Trick Yourself Into Doing Anything (How-To Guide)

Sometimes we all need a little help to get things done.

There’s all kinds of reasons we can think of to not do something.

Maybe you’ve felt that way yourself.

But by using a few new ideas that can trick you into looking at your tasks a little differently, you just might find a way to make it easier.

So, how do you trick yourself into doing something?

Trick Yourself Into Doing Anything (How-To Guide)


Of all the ways you can trick yourself into doing anything, the classic reward system is usually the first thing that comes to mind. Giving yourself a reward is a pretty common way to get yourself going. Maybe you are in the habit of grabbing a Starbucks coffee to accompany you when you run errands. Or maybe you have some ice cream after you finish your daily chores.

Dangling the proverbial carrot in front of you can be a motivator. But it doesn’t have to be a food reward. Maybe a special treat for you, is a nice walk outside after working in your home office for several hours. Watching a movie, going out with friends, or some quiet relaxation are also good ideas for rewarding yourself.

Giving yourself a reward is a legitimate way to encourage yourself to do something. Most people would not go to work every day, if they didn’t receive a reward for doing so, like getting a paycheck. So rewards are used in many of life’s routine activities. Don’t disregard them as over pampering yourself. Use them to your advantage.

Making your reward a healthy option is a double win.


Another good trick to have up your sleeve is to schedule tasks you don’t want to do, in between two things you enjoy. By doing this, you get motivated to begin, by doing the first thing. Then while you have your momentum going, do the thing you don’t want to do, knowing that as soon as you’re done, you get to do the other task you DO want to do. Sandwiching the less attractive activity between two things you enjoy, makes it easier to get through the more difficult task.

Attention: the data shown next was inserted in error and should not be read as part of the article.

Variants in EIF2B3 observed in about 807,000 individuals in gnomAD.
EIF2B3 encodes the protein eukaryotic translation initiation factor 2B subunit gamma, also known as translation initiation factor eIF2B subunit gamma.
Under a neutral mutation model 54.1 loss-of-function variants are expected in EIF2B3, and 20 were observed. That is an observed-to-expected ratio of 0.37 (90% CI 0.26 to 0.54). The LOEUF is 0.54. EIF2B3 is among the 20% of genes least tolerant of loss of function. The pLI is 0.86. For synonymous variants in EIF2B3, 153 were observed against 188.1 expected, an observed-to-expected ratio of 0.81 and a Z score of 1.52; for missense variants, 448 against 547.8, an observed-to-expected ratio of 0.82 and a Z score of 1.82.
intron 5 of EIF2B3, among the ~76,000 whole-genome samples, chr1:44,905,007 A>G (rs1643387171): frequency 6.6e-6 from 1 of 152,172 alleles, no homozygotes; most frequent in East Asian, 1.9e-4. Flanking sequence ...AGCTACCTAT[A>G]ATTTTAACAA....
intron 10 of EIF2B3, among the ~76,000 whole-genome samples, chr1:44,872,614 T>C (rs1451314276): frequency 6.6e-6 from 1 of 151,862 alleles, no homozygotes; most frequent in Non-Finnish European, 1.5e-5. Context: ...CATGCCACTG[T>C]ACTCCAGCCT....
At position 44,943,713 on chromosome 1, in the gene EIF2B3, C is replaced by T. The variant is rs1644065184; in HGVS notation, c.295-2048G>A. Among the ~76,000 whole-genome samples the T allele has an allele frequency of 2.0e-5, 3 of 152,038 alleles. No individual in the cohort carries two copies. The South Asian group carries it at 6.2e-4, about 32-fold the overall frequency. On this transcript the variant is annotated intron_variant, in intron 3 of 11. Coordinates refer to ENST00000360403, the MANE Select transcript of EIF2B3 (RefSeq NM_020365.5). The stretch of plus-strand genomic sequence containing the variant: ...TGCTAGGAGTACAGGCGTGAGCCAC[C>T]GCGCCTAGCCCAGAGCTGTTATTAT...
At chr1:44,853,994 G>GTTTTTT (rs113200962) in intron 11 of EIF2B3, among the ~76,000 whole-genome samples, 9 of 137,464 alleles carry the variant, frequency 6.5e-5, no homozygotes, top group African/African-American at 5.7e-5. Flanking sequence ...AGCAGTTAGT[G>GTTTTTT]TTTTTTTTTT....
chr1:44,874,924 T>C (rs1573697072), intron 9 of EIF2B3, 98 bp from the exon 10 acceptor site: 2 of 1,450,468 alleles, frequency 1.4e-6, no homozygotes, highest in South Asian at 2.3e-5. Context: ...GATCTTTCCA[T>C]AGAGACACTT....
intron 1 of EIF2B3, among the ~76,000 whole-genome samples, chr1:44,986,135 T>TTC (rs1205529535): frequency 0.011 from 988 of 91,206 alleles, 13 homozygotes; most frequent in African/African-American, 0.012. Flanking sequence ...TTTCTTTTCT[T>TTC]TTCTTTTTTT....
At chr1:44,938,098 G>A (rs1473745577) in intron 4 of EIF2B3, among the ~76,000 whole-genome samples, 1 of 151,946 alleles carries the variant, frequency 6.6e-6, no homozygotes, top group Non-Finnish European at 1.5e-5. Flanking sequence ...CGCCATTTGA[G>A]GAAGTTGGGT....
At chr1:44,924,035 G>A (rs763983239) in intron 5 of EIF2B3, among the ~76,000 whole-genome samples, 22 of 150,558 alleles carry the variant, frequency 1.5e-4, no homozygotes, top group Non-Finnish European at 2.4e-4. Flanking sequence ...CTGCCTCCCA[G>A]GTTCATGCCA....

Another way to use a schedule is to plan ahead for your procrastination, since it won’t go away completely anyway. Sometimes it’s better to get it out of the way, so you can focus on what you really need to do. Tell yourself that you’re going to do a different activity for a certain amount of time, and then do the thing you don’t want to do afterwards.

For example, if you have to finish an assignment, but just can’t convince yourself to do it, you could go ahead and plan another activity first, and then commit to doing the assignment directly afterwards. Playing basketball with friends for 30 minutes, and then going directly inside to finish your assignment might be one choice. Your mind will be refreshed from being outside, you will have exhausted some physical energy, and can be ready to sit down and do your work.

Use a schedule to allow for both work time and play time. Combining the schedule technique with a reward can give you extra incentive. For example, scheduling your play time AFTER your work time, might increase your productivity and give you something to look forward to.

Prepare, as if…

Another way to trick yourself into doing something, is to “prepare as if…” you’re getting ready to do it. Gathering tools or preparing a work area can be the first step in actually doing it. Oftentimes, the preparation can be easier than the task itself. And if it’s easy, you might be more likely to start.

For example, if you always set up your work area a certain way-with papers, laptop, snacks and special lighting, then by getting it ready, you are telling your brain that you are preparing to work. Once it’s all set up, there’s little effort needed to just sit down and get started.